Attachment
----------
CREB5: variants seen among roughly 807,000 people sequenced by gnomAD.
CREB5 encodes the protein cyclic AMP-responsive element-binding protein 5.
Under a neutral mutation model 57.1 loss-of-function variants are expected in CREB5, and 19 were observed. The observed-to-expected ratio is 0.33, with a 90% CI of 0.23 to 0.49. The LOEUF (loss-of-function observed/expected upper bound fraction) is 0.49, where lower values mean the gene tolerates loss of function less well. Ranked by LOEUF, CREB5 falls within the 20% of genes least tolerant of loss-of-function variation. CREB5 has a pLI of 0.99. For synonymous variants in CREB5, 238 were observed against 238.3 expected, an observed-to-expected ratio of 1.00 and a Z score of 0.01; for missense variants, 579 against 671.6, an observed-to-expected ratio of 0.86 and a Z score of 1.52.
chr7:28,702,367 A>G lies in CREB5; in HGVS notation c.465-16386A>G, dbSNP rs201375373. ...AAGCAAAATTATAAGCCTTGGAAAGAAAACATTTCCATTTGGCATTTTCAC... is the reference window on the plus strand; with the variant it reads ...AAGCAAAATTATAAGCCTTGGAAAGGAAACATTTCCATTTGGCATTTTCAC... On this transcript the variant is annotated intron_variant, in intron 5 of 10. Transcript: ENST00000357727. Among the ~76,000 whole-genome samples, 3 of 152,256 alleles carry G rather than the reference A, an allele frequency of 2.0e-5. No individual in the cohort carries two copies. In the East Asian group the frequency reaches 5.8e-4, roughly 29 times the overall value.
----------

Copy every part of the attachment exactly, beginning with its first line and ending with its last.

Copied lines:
CREB5: variants seen among roughly 807,000 people sequenced by gnomAD.
CREB5 encodes the protein cyclic AMP-responsive element-binding protein 5.
Under a neutral mutation model 57.1 loss-of-function variants are expected in CREB5, and 19 were observed. The observed-to-expected ratio is 0.33, with a 90% CI of 0.23 to 0.49. The LOEUF (loss-of-function observed/expected upper bound fraction) is 0.49, where lower values mean the gene tolerates loss of function less well. Ranked by LOEUF, CREB5 falls within the 20% of genes least tolerant of loss-of-function variation. CREB5 has a pLI of 0.99. For synonymous variants in CREB5, 238 were observed against 238.3 expected, an observed-to-expected ratio of 1.00 and a Z score of 0.01; for missense variants, 579 against 671.6, an observed-to-expected ratio of 0.86 and a Z score of 1.52.
chr7:28,702,367 A>G lies in CREB5; in HGVS notation c.465-16386A>G, dbSNP rs201375373. ...AAGCAAAATTATAAGCCTTGGAAAGAAAACATTTCCATTTGGCATTTTCAC... is the reference window on the plus strand; with the variant it reads ...AAGCAAAATTATAAGCCTTGGAAAGGAAACATTTCCATTTGGCATTTTCAC... On this transcript the variant is annotated intron_variant, in intron 5 of 10. Transcript: ENST00000357727. Among the ~76,000 whole-genome samples, 3 of 152,256 alleles carry G rather than the reference A, an allele frequency of 2.0e-5. No individual in the cohort carries two copies. In the East Asian group the frequency reaches 5.8e-4, roughly 29 times the overall value.